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ROMANs, iii. 31.-Do we then make void the law through faith? God
forbid ; yea, we establish the law..
The sentiment that the obligations of the law are removed, or at least lowered by the gospel, is directly adapted to destroy the influence of truth and bring the Christian system into contempt. It would seem to be a dictate of common sense, that any overtures from God could never annihilate or lessen obligations on the part of men, which grow out of relations that in their nature are immutable. Indeed it is difficult to see how it would be just or right to release men from such obligations. But absurd and irrational as this sentiment is, there is no error more common. What numbers are resting in sin with apparent contentment in the hope of salvation suspended solely on the fact that Christ has died for sinners ? Either from an unwillingness to look at the subject seriously, or from an anxiety to obtain countenance in their sinful course, they embrace a sentiment which the apostle in these words rejects with indignation. To expose the absurdity of this sentiment is to guard sinners against one of the most fatal snares laid for their destruction. The consequences of a scheme that holds up the mercy of God at the expense of his other attributes cannot be otherwise than fearful. The text, viewed in its connexion, justifies the following doctrine :
SUCH AS EMBRACE THE GOSPEL WITH CORRECT VIEWS MUST BELIEVE IN THL UNCEASING OBLIGATIONS OF THE LAW.
I. This, as appears from the context, was evidently the fact with the apostle. In the 19th verse of the chapter containing the text he says, “ Now we know that what things soever the law saith, it saith to them who are under the law; that every mouth may be stopped and all the world may become guilty before God.” “ All the world” could not be guilty before God unless the obligations of the law were still in force. It is not only plain that the law of which the apostle is speaking in this passage is not the Jewish system of rites and ceremonies, as some suppose; but that its obligations will never cease, at least till the day of final retribution. In the conclu. sion to which he is brought at the close of the chapter, he is perfectly
explicit. It would seem that he had been accused, from the views whichi he had given of the atonement, of denying his obligations any longer to obey the law; and viewing it as designed to have directly the opposite effect, and feeling that he had sufficiently shown it by his reasoning, he replied to the accusation with spirit, “ God forbid ; yea, we establish the law.”
II. The truth of our doctrine will be manisest if we consider the nature of the law. The obligations of the law, like the relations out of which they grow, are in their nature imperishable. The relations which we sustain to God, such as that we are dependent on him for existence, will continue unimpaired by change or circumstances, and of course the obligations which grow out of them must be equally perpetual.
The principles imbodied in the law are those of universal equity and justice. In the opinion of some the law is arbitrary, and had no existence till it was proclaimed from Sinai. To such there appears no evidence of its equity only that it was given by a just God. But it will be seen, from the conduct it demands, to acknowledge and secure the rights of every being in the universe. The demand that we should love God with all the heart, and our neighbor as ourselves, admits the principle that every being is to be regarded according to his worth or importance in the scale of existence. Every command or prohibition proclaimed previous to the giving of the decalogue involved the same principle as the law. The substance of all the other revelations concerning the duty of man are imbodied in the law in the briefest form. The scenes which were witnessed on Mount Sinai were well calculated to show the holiness and importance of these principles; and the fact that they were engraven upon stone seems equally fitted to indicate their durability.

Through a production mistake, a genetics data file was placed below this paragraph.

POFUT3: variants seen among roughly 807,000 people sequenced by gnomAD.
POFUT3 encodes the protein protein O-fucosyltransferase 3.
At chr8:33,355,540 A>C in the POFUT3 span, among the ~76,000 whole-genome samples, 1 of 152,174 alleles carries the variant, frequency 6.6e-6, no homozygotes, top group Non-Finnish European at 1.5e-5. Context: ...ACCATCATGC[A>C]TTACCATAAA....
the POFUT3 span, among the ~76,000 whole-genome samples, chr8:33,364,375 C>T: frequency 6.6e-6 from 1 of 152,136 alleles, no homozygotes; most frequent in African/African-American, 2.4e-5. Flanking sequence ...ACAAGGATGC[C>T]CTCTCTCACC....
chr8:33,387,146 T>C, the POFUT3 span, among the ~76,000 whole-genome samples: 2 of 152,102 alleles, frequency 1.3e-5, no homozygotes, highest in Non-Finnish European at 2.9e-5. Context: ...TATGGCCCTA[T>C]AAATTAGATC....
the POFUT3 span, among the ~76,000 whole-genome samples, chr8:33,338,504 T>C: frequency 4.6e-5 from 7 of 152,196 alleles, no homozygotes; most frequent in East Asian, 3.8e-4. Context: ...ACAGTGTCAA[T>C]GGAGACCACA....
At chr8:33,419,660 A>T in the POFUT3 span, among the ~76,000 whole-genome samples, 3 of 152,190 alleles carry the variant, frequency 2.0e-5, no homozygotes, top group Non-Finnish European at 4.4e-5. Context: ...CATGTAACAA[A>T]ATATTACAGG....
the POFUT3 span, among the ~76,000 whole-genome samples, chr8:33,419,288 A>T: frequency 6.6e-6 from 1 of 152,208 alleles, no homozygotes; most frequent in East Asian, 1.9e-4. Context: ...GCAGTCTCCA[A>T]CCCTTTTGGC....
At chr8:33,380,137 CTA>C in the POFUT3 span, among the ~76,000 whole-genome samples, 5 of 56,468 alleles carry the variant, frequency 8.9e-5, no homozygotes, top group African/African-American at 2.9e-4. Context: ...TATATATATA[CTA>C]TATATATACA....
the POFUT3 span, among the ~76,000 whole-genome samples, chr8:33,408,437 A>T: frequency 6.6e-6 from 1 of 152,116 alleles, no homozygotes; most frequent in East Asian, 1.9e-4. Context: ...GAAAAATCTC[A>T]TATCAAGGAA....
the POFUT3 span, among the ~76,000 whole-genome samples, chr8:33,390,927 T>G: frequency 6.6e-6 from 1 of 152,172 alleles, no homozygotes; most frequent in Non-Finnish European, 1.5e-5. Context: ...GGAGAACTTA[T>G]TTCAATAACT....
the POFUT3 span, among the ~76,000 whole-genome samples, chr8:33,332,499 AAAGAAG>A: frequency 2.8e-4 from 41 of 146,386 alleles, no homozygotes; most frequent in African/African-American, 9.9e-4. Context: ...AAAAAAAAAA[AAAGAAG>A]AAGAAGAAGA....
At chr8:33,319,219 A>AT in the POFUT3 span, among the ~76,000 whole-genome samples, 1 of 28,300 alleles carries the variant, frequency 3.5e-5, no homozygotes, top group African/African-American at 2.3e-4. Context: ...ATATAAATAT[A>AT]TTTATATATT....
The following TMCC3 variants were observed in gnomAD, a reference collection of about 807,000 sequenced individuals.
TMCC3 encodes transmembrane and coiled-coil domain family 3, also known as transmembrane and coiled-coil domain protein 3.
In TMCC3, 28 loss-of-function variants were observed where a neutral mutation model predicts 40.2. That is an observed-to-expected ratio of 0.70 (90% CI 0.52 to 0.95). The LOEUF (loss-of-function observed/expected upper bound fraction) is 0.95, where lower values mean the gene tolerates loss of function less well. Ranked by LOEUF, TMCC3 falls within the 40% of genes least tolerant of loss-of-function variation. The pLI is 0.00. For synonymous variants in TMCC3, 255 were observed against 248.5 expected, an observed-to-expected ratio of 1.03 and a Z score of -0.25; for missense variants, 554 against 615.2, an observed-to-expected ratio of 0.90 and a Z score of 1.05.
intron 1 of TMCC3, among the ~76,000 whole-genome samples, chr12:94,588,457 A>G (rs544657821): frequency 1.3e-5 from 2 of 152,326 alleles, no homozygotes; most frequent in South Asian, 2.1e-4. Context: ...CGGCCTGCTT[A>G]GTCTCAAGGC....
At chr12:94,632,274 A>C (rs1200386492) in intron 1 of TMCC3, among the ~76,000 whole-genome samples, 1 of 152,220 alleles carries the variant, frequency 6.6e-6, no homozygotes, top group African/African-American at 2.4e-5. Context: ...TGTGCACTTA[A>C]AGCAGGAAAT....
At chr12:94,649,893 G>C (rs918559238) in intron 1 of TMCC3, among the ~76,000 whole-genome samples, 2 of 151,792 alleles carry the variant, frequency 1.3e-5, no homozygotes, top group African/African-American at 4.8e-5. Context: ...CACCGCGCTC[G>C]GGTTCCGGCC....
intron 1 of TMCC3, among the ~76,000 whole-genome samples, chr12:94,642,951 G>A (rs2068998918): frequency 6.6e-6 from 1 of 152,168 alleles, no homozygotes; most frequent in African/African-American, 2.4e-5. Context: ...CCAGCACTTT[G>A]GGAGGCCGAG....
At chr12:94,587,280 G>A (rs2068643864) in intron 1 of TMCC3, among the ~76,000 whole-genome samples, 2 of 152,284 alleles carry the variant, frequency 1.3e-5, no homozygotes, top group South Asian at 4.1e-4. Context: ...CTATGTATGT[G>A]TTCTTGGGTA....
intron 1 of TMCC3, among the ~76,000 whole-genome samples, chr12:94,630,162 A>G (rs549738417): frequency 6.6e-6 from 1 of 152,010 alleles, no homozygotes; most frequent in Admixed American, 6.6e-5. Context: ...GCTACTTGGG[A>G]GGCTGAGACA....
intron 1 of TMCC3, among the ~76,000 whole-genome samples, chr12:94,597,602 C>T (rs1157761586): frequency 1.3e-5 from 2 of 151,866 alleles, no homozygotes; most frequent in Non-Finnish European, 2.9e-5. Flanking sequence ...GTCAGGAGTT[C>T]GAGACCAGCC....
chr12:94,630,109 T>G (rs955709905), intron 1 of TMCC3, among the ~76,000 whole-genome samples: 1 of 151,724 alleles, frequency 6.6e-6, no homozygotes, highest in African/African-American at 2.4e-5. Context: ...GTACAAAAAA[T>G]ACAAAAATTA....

These principles need only to be obeyed to produce universal peace and hurmony. All occasions for contention would be for ever prevented. There is nothing in these principles that is local, or that has any peculiar adaptation to this world. If the planets are inhabited, their population must sustain the same relation to their Creator as ourselves; and conformity to these principles will produce results as important for them as for us.
The law is such as to exhibit much of the character of God. Men who are at the head of earthly governments are sometimes compelled to announce laws with which themselves are not pleased. They are under the necessity of doing this frequently in order to be popular, and sometimes when they are monarchs only in name and not in authority. But the great Jehovah needs no power but his own to maintain his government. Infinitely above every thing like human policy, his laws are the free and unrestrained expression of his will. We see in the equity and justice of these principles the moral character of his heart. They give us also a perfect standard by which we may determine the character of our own. It takes notice of the feelings, and of every thing sustaining moral character. Other laws can have reference only to the external conduct, for this plain reason, that those who make them know nothing of the heart only as it is seen in the external conduct; but the law of God extends its demands to the heart, and is of itself evidence that he is acquainted with all its feelings and desires. We may cherish designs the most iniquitous, unknown to our fellow-creatures, and unregarded by human laws; but however secret the workings of the heart may be, they are all known to God, and approved or condemned by his law.